Amazon Fire TV Stick review – first look
Amazon is no stranger to success, but with the launch of its new Fire TV Stick, can it actually knock Google’s Chromecast off the top spot?
It’s not an impossible task by any stretch. The Amazon Fire TV is, in our opinion, far better than Google’s Nexus Player, and it’s a potent adversary to the likes of the Apple TV and the Roku 3. It’s enough to make you wonder why it’s taken Amazon so long to bring the Fire TV Stick to Europe – it launched in the US nearly six months ago.
Now it’s here though, first impressions are promising, and it looks ready to give both Roku and Google a serious run for their money.
Amazon Fire TV Stick review: Design
While Amazon Fire TV was a rather innocuous set top box designed to sit next to your TV, the Fire TV Stick takes a leaf from Chromecast’s design manual. No bigger than Google’s own streaming dongle, Fire TV Stick has just one USB-B port on its side and plugs directly, and discreetly, into an HDMI socket.
In the box you’ll actually get a HDMI extension cable, which Amazon recommends you use to help boost your Fire TV Stick’s Wi-Fi signal – although it doesn’t actually clarify how an extra couple of inches could make much of a difference. You’ll also be given a USB power adapter, as Amazon stated that a TV’s USB port can’t deliver enough power to run the Stick. While that shouldn’t really be a problem for most people, it’s definitely a strike against it compared to Google’s low-powered Chromecast.
Aesthetically, Amazon has opted for a sleek and uncluttered design with matte plastic and soft curved edges. It feels somewhat more sophisticated than its rivals, and certainly doesn’t feel as cheap and plastic as Chromecast. However as you won’t be holding it in your hands, nor really ever seeing it, it doesn’t matter how it looks tucked away behind your TV.
On the other hand, the Fire TV Stick remote is on show, and it isn’t as well produced as its Fire TV counterpart. It’s small, with a similar form factor, but it does feel cheap. It doesn’t include a microphone for Voice Search functionality, and the circular navigation clicker is fine for moving through menus, but reveals itself as a simple 4-way directional pad, instead of the usual 8-way pad, when playing games.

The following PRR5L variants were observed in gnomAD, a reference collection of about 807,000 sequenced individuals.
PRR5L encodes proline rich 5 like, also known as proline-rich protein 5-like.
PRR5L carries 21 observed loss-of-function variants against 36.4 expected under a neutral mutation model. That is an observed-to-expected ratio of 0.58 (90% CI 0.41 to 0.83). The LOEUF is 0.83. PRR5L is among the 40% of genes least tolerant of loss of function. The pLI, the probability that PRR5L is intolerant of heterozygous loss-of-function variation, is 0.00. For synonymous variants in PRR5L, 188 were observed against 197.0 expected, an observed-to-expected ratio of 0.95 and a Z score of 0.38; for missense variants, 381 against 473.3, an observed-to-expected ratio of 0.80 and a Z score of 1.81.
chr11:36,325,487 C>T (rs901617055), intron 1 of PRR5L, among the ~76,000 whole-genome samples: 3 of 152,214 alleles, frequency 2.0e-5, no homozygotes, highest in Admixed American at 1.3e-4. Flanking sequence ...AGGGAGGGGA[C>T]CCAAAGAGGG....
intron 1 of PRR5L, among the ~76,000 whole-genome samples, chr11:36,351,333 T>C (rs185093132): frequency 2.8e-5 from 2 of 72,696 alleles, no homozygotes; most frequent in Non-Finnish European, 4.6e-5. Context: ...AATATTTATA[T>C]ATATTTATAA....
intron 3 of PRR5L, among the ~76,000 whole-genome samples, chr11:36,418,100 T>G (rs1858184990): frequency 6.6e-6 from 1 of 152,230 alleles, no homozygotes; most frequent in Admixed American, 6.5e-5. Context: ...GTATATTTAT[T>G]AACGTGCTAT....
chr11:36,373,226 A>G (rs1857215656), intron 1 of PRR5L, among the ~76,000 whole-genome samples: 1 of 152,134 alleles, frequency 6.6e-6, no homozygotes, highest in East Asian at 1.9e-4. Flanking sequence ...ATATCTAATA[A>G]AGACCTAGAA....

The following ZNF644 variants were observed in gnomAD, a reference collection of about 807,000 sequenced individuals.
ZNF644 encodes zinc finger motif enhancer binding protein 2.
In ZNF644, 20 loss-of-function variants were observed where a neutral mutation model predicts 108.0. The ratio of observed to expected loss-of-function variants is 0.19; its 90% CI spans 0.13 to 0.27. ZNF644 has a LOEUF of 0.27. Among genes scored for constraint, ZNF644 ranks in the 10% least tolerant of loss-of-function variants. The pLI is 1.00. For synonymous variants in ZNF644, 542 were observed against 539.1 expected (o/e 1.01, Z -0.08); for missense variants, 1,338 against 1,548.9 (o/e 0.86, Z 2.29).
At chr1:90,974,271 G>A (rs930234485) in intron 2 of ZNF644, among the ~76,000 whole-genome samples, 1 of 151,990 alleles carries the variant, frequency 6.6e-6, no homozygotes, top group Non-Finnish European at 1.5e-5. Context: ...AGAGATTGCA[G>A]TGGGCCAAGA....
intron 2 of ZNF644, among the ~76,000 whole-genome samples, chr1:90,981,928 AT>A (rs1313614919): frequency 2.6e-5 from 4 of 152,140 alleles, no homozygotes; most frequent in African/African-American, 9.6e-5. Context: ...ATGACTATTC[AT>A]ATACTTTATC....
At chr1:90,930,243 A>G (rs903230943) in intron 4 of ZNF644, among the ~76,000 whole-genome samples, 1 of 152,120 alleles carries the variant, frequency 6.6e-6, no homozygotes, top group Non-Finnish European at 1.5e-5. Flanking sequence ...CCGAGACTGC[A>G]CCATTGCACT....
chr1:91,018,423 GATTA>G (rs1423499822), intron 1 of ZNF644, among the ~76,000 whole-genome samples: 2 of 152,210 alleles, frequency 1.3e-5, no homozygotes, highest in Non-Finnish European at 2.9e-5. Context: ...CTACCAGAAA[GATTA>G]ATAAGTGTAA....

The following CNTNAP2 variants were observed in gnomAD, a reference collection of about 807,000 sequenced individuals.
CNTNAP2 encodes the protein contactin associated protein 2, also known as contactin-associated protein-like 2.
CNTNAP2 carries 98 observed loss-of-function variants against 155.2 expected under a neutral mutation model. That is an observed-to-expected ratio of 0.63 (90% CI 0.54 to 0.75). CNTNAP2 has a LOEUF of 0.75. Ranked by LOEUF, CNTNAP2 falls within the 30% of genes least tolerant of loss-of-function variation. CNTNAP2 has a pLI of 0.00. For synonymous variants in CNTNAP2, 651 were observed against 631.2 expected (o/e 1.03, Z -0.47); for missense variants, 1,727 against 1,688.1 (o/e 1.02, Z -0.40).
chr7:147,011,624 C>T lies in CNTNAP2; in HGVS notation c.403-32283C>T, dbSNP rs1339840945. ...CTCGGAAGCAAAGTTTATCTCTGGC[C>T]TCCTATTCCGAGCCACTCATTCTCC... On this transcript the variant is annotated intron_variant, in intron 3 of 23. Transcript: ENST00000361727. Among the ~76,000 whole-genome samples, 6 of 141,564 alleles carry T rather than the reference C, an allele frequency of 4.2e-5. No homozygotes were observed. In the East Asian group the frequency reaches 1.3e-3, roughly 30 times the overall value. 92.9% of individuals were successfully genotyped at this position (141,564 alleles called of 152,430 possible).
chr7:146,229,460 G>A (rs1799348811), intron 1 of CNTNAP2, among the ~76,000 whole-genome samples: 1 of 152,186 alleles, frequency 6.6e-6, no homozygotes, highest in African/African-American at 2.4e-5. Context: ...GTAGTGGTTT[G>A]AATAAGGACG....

Still, Amazon has managed to offer up a supprising amount in a small form factor, and bundle it with a remote at a reasonable price – a mere £35 – something which its rivals haven’t quite managed to do.
Amazon Fire TV Stick review: specifications
For a streaming stick the Fire TV Stick is packing quite the hardware punch. Comparing it directly to a Chromecast, the £5 difference in price certainly goes a long way. It comes with 8GB of internal storage allowing you to install a wide variety of apps and games onto it, and thanks to 5GB of extra cloud storage, the fact you can’t upgrade it with a microSD card isn’t too much of a worry.
In terms of Wi-Fi connectivity, Fire TV Stick has dual-band, dual-antenna Wi-Fi, and will connect to 802.11abgn networks. Compare that to the single-band capabilities of the Chromecast, and you’re potentially looking at a more stable connection for streaming films and TV shows.
One of the biggest draws of the Amazon’s dongle over others is its dual-core Broadcom Capri 28155 processor, which operates at ~1GHz. Because of this, and its 1GB of RAM, it’s more than capable of beaming some impressive Android games directly onto your TV. Compare this to the single-core CPU and 512MB RAM of the Chromecast or the Roku Streaming Stick, and you can quickly see that Fire TV Stick outperforms its closest rivals.
Games run surprisingly smoothly too, and even when played with the standard Fire TV remote they’re responsive and playable. You can always opt for a £35 wireless game controller if you want to have more of a home-console experience on your TV.
You aren’t just limited to using Amazon’s services with the Fire TV Stick. While games have to be purchased through the Amazon App store, you can watch content from the likes of Netflix, Plex, and BBC iPlayer. You can also use Spotify with it and access other music radio services if you so wish.
There are compromises, however. While the Fire TV Stick does support Voice Search via a downloadable app, the functionality isn’t part of the bundled in remote – like it is with the Fire TV box. While you can use the app as a complete replacement for the Fire TV remote, it isn’t as responsive as the dedicated remote.
It’s also worth noting that, as with almost all of Amazon’s products, the Fire TV Stick runs in a closed environment. While device mirroring can be done on any Android device, Amazon’s take on screencasting can only be done from Fire tablets. And one of Amazon Fire TV Stick’s most intriguing features, X-Ray, which provides detailed information about the show or film you’re watching, remains restricted to Fire devices.
Amazon Fire TV Stick review: early verdict
Amazon’s Fire TV Stick packs in a huge amount for the cash, but it remains to be seen whether Amazon has really put all that extra horsepower to good use. And, ultimately, Amazon’s closed ecosystem may allow the more flexible Chromecast to win out overall – only time will tell. We’ll be putting our review sample through its paces in the coming week.